To Save a People. . .
1930: 35,000 Efé Pygmies

Story and Photography by JEAN-PIERRE HALLET

As a child, I was fortunate to grow up in Africa with the physically small people called Pygmies. Back then, in the 1930s, there were about 35,000 of these healthy, delightfully happy and highly expressive people. Twenty years later, as an adult, I was again united with my former playmates whom I learned to respect and love. Professionally, I was a bush sociologist and agronomist for the Belgian Congo, Ruanda and Urundi (now Zaïre, Rwanda and Burundi). I did everything from diagnosing plant diseases to delivering babies.

To know and understand my Pygmy friends better, I left behind "civilization," and in January 1957, I walked into the tangled shadows of the Ituri Forest in the eastern Congo. For eighteen months I lived with them as an adopted member of the Efé Pygmy society. As I wrote in my first book Congo Kitabu:

"Here in the Ituri the Pygmies had lived in harmony with nature for an incalculable number of years....and had survived longer than any other people for one simple reason: they respected nature, the living world from which they drew their sustenance. They gathered, hunted and consumed only what they needed, and never killed an animal or even a plant without reason. Now I was to become a part of that living world, a complex organism, whose every element played an honest, essential role in biological balance. I would be one small link in the great chain of life webbing the forest together. Other members of my race were trying to reach the moon, while I was about to discover the earth..."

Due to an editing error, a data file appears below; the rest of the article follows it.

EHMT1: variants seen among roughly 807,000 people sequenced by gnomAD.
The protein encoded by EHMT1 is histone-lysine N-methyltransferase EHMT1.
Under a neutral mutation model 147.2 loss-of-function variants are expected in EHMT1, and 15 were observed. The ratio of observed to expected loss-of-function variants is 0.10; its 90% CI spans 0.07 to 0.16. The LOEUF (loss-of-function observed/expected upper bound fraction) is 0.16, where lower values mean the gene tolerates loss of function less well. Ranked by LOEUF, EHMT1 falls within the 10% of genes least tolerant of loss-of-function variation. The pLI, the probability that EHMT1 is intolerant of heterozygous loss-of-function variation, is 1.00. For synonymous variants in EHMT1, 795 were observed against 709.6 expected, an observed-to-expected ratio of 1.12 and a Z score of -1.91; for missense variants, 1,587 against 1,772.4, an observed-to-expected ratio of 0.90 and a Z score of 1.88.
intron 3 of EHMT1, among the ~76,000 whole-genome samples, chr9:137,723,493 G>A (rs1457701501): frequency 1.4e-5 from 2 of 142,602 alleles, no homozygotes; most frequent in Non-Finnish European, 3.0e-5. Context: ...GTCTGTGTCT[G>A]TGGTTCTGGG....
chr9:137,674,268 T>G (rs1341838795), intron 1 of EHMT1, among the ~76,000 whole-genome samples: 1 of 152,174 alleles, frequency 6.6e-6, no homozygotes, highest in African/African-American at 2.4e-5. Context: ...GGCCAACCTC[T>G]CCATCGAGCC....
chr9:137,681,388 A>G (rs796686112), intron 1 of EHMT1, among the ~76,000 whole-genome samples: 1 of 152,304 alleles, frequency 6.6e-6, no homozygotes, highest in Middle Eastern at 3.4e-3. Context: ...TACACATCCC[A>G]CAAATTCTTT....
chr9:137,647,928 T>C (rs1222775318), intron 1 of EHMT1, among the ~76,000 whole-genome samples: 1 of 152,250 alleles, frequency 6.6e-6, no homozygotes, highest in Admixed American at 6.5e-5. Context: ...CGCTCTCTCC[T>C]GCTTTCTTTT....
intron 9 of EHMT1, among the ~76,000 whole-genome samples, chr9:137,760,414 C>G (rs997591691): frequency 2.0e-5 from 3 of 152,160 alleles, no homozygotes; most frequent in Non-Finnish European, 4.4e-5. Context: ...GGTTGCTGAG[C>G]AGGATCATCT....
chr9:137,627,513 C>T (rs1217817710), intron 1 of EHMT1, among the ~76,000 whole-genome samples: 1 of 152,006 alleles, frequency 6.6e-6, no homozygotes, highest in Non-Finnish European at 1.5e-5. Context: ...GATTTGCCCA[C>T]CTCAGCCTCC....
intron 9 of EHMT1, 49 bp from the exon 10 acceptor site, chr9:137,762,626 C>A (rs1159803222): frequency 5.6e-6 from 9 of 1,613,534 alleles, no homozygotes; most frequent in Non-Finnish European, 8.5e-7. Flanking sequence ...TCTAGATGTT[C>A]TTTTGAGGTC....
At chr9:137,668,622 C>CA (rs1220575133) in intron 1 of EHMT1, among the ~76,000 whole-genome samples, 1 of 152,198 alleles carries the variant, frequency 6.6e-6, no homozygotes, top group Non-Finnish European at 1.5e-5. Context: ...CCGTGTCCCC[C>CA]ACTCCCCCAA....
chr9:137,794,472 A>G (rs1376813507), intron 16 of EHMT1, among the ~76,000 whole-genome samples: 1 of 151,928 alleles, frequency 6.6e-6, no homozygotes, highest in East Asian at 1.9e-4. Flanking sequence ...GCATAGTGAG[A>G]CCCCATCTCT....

I was simply learning the hard way to appreciate their unique life-style, their high moral values, their noble dignity, their spiritual understanding, and their natural wisdom.

But I also became aware of the many harsh physical problems threatening their survival. The Pygmies' ancestral forest was increasingly being chopped down by greedy lumber operators, thus robbing them of the wild vegetables, tubers, mushrooms they gathered and the animals they hunted. The Efés were forced to live in the blistering tropical sun for which their bodies were ill-prepared. Bantu plantations crept in from all sides. Tourists came in droves bringing peanuts, cigarettes and sugar. The Pygmies began succumbing to new diseases, dying at a high mortality rate and were reduced to about 25,000. Above all they endured the humiliating loss of basic human dignity, sliding into feudal serfdom to their tall African neighbors.

Top of the Page 1960:
Only 3,800 Surviving
1972: Documentary Film
"The Little Giants"
Presidential End Hunger Award
Poem: "People of Love" The Eighteen Sins of Man Contributions to
The Pygmy Fund